software" necessary for a proper
PB analysis, that it would be inappropriate to speak of a PB
code of his in the same sense as of the INVERS12 code? Are people
completely off the track when they surmise that the PB approach
by Kochukhov is working only for an extremely restricted set of
very special (symmetric) magnetic geometries?
"A subsequent study by
Kochukhov & Piskunov (2002, hereafter
KP02) presented extensive numerical experiments designed to
evaluate performance of INVERS10. These tests demonstrated that,
given high-resolution IQUV
observations, the magnetic inversion
code is capable of correctly reconstructing abundance and
magnetic field vector surface distributions simultaneously and
without any prior assumptions about the large-scale magnetic
In the original Kochukhov & Piskunov (2002) paper we read:
"We have chosen the rotational velocity v sin i = 30 kms−1
and inclination angle i = 60 deg,
which are optimal for DI.
In addition, modelling linear polarization profiles requires
specifying the angle theta (0 deg <= theta <= 360 deg)
between the stellar rotational axis and the local meridian
projected on the sky. We used theta = 90 deg throughout
"For the evaluation of the disk-integrated Stokes parameters
we employed a spatial grid divided into 695 surface zones.
This grid size proved to be adequate for the calculation of
the Stokes flux profiles for the adopted value of v sin i ..."
"The reference magnetic topology of our DI tests consisted of
a dipole with polar strength Bd = 8 kG, positioned in the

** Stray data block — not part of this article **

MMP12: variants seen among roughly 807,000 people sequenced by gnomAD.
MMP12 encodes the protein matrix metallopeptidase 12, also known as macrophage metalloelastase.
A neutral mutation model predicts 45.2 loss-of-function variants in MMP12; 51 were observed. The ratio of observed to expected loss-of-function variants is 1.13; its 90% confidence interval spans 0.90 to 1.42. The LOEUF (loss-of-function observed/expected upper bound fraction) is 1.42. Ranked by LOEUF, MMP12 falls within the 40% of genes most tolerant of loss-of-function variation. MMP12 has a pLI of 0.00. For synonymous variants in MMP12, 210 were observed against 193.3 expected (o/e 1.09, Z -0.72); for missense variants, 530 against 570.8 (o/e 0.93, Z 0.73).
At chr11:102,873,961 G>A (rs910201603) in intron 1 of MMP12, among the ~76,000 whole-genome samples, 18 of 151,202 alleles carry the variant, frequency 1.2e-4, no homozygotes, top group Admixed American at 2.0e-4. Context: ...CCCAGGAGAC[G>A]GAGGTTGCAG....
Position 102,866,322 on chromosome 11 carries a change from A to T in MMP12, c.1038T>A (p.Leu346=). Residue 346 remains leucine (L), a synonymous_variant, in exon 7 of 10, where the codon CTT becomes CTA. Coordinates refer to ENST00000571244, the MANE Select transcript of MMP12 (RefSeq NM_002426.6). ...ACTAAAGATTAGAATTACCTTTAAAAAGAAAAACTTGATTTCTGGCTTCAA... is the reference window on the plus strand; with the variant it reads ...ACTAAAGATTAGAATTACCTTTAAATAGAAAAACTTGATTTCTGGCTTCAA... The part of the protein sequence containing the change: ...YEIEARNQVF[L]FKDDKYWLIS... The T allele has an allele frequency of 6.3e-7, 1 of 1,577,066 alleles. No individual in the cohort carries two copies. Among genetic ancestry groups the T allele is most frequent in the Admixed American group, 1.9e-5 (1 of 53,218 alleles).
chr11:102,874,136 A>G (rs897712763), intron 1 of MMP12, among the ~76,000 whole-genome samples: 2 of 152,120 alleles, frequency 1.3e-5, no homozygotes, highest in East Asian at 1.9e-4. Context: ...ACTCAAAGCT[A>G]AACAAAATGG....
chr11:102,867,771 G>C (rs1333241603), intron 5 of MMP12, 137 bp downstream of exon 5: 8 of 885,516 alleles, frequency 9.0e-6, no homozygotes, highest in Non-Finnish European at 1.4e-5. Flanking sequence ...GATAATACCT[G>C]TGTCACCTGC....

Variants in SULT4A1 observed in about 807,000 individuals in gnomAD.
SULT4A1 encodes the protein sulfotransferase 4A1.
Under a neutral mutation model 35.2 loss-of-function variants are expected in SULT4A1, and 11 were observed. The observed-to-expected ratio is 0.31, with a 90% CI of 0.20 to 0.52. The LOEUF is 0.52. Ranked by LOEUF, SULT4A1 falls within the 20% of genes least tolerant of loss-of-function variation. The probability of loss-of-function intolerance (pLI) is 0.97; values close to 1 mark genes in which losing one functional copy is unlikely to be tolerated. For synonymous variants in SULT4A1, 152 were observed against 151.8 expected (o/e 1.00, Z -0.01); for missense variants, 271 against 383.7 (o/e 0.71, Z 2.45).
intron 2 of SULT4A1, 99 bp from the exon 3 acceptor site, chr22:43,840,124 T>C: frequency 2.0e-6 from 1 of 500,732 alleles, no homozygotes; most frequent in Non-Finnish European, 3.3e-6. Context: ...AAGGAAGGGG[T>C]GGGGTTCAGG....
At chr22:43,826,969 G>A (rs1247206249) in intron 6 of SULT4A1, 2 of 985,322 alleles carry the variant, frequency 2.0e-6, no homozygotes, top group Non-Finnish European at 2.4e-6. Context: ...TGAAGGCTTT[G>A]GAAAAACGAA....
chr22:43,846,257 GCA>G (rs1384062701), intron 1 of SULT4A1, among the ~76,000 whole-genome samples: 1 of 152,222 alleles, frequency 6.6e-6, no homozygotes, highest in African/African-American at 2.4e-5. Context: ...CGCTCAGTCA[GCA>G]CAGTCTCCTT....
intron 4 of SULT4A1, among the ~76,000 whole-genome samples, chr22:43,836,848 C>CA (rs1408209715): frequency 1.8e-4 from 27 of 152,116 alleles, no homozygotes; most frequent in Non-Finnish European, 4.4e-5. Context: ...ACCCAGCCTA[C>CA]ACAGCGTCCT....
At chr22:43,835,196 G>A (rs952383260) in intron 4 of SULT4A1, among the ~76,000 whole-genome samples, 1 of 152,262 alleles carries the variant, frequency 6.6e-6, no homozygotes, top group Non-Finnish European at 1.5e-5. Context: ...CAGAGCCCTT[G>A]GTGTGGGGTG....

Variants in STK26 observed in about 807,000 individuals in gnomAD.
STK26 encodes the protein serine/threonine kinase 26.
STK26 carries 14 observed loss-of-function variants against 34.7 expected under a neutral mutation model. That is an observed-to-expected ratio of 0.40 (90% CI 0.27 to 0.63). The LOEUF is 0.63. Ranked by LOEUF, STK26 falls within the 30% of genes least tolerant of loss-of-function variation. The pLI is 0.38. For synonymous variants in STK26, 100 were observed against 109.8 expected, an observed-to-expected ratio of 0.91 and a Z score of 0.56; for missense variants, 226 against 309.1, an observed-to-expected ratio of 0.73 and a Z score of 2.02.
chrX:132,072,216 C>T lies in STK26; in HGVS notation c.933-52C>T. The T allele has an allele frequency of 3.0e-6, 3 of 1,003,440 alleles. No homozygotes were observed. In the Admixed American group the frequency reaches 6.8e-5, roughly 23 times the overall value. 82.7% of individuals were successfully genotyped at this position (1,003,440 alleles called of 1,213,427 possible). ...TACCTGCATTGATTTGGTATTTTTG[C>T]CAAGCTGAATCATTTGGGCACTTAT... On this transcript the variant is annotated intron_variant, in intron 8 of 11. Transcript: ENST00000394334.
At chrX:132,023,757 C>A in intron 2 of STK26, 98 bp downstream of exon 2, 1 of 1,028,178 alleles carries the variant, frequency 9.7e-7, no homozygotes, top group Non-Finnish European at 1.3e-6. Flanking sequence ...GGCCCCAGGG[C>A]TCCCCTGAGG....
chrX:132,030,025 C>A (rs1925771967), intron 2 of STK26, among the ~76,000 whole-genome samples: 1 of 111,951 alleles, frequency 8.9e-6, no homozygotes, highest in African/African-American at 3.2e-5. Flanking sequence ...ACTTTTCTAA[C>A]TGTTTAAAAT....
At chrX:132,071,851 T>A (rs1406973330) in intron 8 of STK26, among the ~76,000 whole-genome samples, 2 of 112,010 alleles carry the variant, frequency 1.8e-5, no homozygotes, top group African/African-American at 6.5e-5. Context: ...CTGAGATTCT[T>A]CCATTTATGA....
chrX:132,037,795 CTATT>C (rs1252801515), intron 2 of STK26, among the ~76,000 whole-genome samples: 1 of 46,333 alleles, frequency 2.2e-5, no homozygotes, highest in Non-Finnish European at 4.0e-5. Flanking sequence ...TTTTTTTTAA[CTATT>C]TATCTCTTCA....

plane of the stellar rotational equator, and with the positive
magnetic pole crossing the plane containing the line-of-sight
and the stellar rotational axis at zero phase ... Such a
magnetic geometry, rotational
velocity and inclination
collaborate to maximize the magnetic variability of the
spectral line profiles and
represent an ideal combination
for the application of MDI."
"All Stokes profiles in this paper were calculated for the
iron doublet Fe II 6147.74 A and 6149.26 A."
"The Fe II 6147.74 A and 6149.26 A spectral lines are known to
have different magnetic sensitivities and serve as a primary
spectral diagnostic for the surface field modulus of slowly
rotating Ap stars."
"We used an iron abundance eps(Fe) = log (N_Fe/N_total) = −4.0
outside spots and eps(Fe) = −2.5 inside iron concentrations."
"Synthetic observational data were simulated for 10 equidistant
rotational phases and convolved with the Gaussian instrumental
profile with FWHM = 61 mA (corresponding to the spectral
resolution R = 100 000 at lambda = 6148 A). Random noise with
an amplitude of sigma_I = 3.3 10^-3 (S=N = 300) was added to
Stokes I profiles, while noise levels in Stokes V and Stokes QU
were scaled down by a factor of 1.5 and 4, respectively."
Now, do for example Kochukhov et al. (2004) and Kochukhov &
(2010) not base their analyses on spectra with only R = 35000?
Is it not equally true that only 2 out of 19 spectra of 53 Cam
exhibit a peak S/N of 300 and better?
How do we have to understand the "extensive tests"? Do we have
to consider them realistic or have they rather been designed,
by admission of Kochukhov & Piskunov (KP02) themselves, to be
based on rotational velocities and angles "which are optimal
for DI"? Did KP02 not
explicitly state that "magnetic
rotational velocity and inclination collaborate to maximize
the magnetic variability"? Was the choice of the 2 Fe
also made because of their "different magnetic sensitivities?
How could a correctly written inversion code possibly fail to
converge to the highly artificial input map consisting of a small
number of symmetric high-contrast spots in a simple geometric
arrangement, when optimum parameters for DI have been chosen and
the magnetic variability maximised?
S12 had a look at what happens when parameters do not combine as
ideally as in the KP02 tests; the figures under J) and M) reveal
that smooth maps are no guarantee to correct results. Where is the
much desired and required paper by Kochukhov that would present
tests for less favourable abundance geometries, more modest field
strengths, and realistic spectral resolutions?